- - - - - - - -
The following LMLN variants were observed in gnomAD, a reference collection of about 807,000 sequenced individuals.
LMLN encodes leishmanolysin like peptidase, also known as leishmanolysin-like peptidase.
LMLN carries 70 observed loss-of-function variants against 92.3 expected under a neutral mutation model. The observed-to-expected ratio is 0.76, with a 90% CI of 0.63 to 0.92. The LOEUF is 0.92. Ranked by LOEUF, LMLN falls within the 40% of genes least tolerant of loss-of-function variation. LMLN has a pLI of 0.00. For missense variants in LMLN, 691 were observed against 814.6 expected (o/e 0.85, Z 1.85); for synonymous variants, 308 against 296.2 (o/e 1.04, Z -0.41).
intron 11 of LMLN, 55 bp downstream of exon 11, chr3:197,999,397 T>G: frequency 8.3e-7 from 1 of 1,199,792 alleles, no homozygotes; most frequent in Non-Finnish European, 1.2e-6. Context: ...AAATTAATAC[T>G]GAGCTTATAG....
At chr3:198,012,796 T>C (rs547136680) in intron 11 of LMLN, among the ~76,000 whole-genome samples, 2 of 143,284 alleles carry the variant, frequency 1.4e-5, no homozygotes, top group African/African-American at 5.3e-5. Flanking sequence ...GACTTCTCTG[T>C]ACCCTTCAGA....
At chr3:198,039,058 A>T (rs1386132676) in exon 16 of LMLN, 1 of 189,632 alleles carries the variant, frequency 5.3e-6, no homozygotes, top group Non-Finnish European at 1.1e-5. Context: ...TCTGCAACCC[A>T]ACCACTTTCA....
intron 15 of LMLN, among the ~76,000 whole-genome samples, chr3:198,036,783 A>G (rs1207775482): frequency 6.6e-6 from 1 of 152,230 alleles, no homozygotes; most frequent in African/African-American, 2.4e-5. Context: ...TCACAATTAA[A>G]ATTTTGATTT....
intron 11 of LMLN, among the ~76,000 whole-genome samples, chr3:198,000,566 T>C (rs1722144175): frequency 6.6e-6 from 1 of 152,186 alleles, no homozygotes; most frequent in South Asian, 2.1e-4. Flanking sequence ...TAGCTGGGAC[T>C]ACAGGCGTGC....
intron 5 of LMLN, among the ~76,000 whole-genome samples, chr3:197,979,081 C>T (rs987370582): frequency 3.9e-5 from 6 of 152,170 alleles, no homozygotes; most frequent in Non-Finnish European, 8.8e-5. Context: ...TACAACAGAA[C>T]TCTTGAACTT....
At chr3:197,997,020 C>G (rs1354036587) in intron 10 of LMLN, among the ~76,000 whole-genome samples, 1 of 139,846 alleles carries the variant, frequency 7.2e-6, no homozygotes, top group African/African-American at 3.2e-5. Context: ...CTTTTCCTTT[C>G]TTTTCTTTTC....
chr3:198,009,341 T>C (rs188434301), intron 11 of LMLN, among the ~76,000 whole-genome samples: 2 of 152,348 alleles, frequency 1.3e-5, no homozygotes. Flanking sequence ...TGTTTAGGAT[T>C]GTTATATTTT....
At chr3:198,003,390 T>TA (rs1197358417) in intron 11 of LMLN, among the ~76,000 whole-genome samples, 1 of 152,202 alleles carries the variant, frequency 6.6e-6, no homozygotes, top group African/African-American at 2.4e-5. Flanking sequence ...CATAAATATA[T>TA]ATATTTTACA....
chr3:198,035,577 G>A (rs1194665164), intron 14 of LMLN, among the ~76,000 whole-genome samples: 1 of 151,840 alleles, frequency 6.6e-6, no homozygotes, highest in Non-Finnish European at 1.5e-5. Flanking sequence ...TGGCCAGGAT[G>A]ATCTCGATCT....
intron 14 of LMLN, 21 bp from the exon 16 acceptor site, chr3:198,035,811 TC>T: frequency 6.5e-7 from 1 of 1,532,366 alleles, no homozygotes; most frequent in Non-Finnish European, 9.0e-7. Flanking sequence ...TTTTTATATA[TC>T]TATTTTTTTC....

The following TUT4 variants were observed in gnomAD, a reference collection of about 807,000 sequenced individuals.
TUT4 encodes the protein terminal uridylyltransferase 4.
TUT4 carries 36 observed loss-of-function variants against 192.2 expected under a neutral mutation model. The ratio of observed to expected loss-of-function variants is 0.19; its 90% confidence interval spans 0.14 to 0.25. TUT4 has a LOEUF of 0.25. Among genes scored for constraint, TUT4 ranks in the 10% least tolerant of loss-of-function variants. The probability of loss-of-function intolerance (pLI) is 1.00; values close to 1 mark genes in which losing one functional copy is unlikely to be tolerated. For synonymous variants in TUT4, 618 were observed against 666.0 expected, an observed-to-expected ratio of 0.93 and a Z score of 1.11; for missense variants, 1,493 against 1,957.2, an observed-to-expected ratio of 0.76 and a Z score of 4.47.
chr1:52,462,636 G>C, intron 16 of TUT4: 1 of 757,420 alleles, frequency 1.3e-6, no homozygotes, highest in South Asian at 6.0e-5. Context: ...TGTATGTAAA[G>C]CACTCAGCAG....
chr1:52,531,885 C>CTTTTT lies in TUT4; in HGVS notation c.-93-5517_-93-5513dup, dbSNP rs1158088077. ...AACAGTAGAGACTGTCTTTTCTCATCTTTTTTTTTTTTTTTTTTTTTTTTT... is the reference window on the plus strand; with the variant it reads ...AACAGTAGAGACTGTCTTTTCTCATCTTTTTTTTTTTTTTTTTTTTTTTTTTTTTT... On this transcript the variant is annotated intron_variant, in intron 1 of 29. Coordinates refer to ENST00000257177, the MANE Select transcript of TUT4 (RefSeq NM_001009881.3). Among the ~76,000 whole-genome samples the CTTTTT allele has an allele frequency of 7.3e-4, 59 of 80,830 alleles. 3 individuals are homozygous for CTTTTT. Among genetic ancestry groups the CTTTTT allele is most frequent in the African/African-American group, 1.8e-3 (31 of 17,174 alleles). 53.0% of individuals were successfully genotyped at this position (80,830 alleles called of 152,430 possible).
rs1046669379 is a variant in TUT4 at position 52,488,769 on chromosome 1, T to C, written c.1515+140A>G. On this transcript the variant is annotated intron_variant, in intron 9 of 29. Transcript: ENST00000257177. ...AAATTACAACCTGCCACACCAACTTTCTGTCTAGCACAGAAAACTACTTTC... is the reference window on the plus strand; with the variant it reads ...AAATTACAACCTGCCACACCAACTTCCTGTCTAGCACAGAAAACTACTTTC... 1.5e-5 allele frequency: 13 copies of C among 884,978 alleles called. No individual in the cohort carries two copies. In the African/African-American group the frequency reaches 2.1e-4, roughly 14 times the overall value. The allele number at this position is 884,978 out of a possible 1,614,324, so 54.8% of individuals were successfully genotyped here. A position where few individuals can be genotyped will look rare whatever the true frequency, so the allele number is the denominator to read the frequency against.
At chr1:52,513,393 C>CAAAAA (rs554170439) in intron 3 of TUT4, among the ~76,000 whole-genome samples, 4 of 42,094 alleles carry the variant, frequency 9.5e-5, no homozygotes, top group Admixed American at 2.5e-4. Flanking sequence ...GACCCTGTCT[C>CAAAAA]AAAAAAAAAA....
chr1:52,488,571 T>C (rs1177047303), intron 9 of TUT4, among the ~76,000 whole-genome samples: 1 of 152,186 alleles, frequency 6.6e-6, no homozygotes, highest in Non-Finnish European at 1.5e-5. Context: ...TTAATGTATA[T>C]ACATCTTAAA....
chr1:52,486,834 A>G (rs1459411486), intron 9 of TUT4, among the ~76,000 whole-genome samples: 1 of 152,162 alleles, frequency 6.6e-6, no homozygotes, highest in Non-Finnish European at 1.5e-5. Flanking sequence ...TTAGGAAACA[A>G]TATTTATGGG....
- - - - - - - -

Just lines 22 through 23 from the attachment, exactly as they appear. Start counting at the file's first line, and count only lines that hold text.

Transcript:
chr1:52,488,571 T>C (rs1177047303), intron 9 of TUT4, among the ~76,000 whole-genome samples: 1 of 152,186 alleles, frequency 6.6e-6, no homozygotes, highest in Non-Finnish European at 1.5e-5. Context: ...TTAATGTATA[T>C]ACATCTTAAA....
chr1:52,486,834 A>G (rs1459411486), intron 9 of TUT4, among the ~76,000 whole-genome samples: 1 of 152,162 alleles, frequency 6.6e-6, no homozygotes, highest in Non-Finnish European at 1.5e-5. Flanking sequence ...TTAGGAAACA[A>G]TATTTATGGG....